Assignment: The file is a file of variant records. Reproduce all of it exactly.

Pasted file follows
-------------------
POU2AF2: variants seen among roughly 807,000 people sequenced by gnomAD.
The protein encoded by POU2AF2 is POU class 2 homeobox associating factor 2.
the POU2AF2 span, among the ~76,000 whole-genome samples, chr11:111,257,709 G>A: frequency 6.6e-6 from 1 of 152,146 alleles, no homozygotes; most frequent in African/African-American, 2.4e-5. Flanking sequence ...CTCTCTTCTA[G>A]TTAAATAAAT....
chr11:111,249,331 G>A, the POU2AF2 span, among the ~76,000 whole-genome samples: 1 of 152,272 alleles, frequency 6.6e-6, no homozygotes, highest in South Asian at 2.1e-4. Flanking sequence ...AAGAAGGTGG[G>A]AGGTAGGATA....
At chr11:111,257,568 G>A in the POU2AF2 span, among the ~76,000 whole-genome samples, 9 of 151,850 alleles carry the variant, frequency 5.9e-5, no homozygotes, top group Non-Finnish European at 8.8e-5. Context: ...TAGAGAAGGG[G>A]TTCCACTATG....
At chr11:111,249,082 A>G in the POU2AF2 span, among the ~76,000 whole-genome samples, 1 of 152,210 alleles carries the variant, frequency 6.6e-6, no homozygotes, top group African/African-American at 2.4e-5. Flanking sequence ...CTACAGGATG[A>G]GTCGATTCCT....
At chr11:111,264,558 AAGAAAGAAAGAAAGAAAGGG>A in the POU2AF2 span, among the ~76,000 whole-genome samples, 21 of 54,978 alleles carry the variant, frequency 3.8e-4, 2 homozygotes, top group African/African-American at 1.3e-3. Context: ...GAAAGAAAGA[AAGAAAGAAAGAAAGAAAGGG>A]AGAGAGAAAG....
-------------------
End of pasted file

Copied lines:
POU2AF2: variants seen among roughly 807,000 people sequenced by gnomAD.
The protein encoded by POU2AF2 is POU class 2 homeobox associating factor 2.
the POU2AF2 span, among the ~76,000 whole-genome samples, chr11:111,257,709 G>A: frequency 6.6e-6 from 1 of 152,146 alleles, no homozygotes; most frequent in African/African-American, 2.4e-5. Flanking sequence ...CTCTCTTCTA[G>A]TTAAATAAAT....
chr11:111,249,331 G>A, the POU2AF2 span, among the ~76,000 whole-genome samples: 1 of 152,272 alleles, frequency 6.6e-6, no homozygotes, highest in South Asian at 2.1e-4. Flanking sequence ...AAGAAGGTGG[G>A]AGGTAGGATA....
At chr11:111,257,568 G>A in the POU2AF2 span, among the ~76,000 whole-genome samples, 9 of 151,850 alleles carry the variant, frequency 5.9e-5, no homozygotes, top group Non-Finnish European at 8.8e-5. Context: ...TAGAGAAGGG[G>A]TTCCACTATG....
At chr11:111,249,082 A>G in the POU2AF2 span, among the ~76,000 whole-genome samples, 1 of 152,210 alleles carries the variant, frequency 6.6e-6, no homozygotes, top group African/African-American at 2.4e-5. Flanking sequence ...CTACAGGATG[A>G]GTCGATTCCT....
At chr11:111,264,558 AAGAAAGAAAGAAAGAAAGGG>A in the POU2AF2 span, among the ~76,000 whole-genome samples, 21 of 54,978 alleles carry the variant, frequency 3.8e-4, 2 homozygotes, top group African/African-American at 1.3e-3. Context: ...GAAAGAAAGA[AAGAAAGAAAGAAAGAAAGGG>A]AGAGAGAAAG....